Pulse Diseases Focus Of Multi-State Research Effort, Feb. 9 Webinar
February 3, 2021 | View PDF
Pulses have become a very successful crop in the MonDak following their introduction to the region in the 1990s. Today, North Dakota and Montana have consistently ranked #1 and #2 in pulse production in the US for more than a decade. That success, however, has also brought with it-increased threats from disease.
Luckily, that threat, in turn, has attracted the interest of pulse crop researchers who have come together in a large, multistate collaboration focusing on root rot in lentil under the direction of Dr. Mary Burrows, Extension Plant Pathology Specialist and Associate Director of Montana Agricultural Experiment Station and Research Development at Montana State University. Dr. Burrows will be sharing preliminary results from that multistate study as the keynote speaker for the third in a series of six 2021 MonDak Ag Research Summit webinars being offered this winter.
Her live (Zoom) presentation is entitled Managing root rot of pulses and is set for Tuesday, Feb. 9, from 10 – 11:30 am MT, 11-12:30 pm CT. Connection details are below.
According to Dr. Burrows, participants in the far-reaching study include breeders, pathologists, agronomists, and other scientists working on the description and management of Fusarium root rot. In addition to discussing their findings over the past two years, Dr. Burrows will also outline future endeavors and seek audience feedback on the project.
• The effect of long-term rotations on agronomic characteristics and root rot control – Study overview - Dr. Brett Allen, Research Agronomist (Dryland); USDA-ARS Northern Plains Agricultural Research Lab, Sidney
The effect of long-term rotations on agronomic characteristics and root rot control – Aphanomyces - Dr. Audrey Kalil, Plant Pathologist; NDSU Williston Research and Extension Center, Williston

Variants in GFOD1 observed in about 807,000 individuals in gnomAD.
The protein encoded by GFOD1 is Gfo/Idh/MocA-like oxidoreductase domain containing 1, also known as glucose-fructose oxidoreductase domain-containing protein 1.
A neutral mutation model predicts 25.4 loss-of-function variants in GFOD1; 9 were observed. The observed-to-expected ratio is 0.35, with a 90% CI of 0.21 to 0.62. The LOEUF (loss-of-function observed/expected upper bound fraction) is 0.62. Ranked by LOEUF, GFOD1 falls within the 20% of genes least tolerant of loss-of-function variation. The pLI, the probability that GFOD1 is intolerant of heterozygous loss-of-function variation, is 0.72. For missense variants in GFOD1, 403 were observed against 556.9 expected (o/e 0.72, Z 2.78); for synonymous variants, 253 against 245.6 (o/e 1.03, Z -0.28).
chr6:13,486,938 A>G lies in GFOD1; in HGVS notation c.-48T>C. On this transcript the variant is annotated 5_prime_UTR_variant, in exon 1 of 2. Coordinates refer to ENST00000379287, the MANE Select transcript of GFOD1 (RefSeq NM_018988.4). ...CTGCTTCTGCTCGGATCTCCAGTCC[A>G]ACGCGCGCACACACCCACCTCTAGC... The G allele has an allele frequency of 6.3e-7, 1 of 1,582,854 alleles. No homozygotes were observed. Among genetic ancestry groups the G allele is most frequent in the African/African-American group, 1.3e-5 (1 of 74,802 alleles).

• The effect of long-term rotations on agronomic characteristics and root rot control – Fusarium - Dr. Frankie Crutcher, Assistant Professor / Plant Pathologist; MSU Eastern Agricultural Research Center, Sidney
All interested persons are invited to take part in this webinar and no registration is required, meaning anyone can join the day of the event by using the following (Zoom program) link: https://ndsu.zoom.us/j/91453448686
And note, too, that one pesticide applicator point is available for Montana participants joining in the live webinar on Feb. 9. Sorry, viewing the subsequent recordings – also to be made available online – does not qualify for points.
The MonDak Ag Research Summit is coordinated by MSU’s Eastern Agricultural Research Center and USDA ARS’s Northern Plains Agricultural Research Lab, both in Sidney; and NDSU’s Williston Research Extension Center in Williston. Normally a one-day, in-person event, this year’s MonDak Ag Research Summit was moved online due to Covid-19 and consists of a series of six webinars featuring keynote speakers addressing a variety of topics of interest to ag producers as well as shorter reports from local scientists on research results immediately applicable to MonDak area farmers and ranchers.
Remaining dates and keynote presentations in the series include the following:
• March 11: Seasonal Outlooks and Potential Climate Change Impacts for Eastern MT and Western ND - Patrick Gilchrist, Warning Coordination Meteorologist/Service Coordination Hydrologist, NOAA, National Weather Service Station, Glasgow, MT
March 25: Topic: marketing; Title: pending; Keynote - Dr. Vincent Smith, Professor, Initiative for Regulation and Applied Economic Analysis, Department of Agricultural Economics and Economics, Montana State University, Bozeman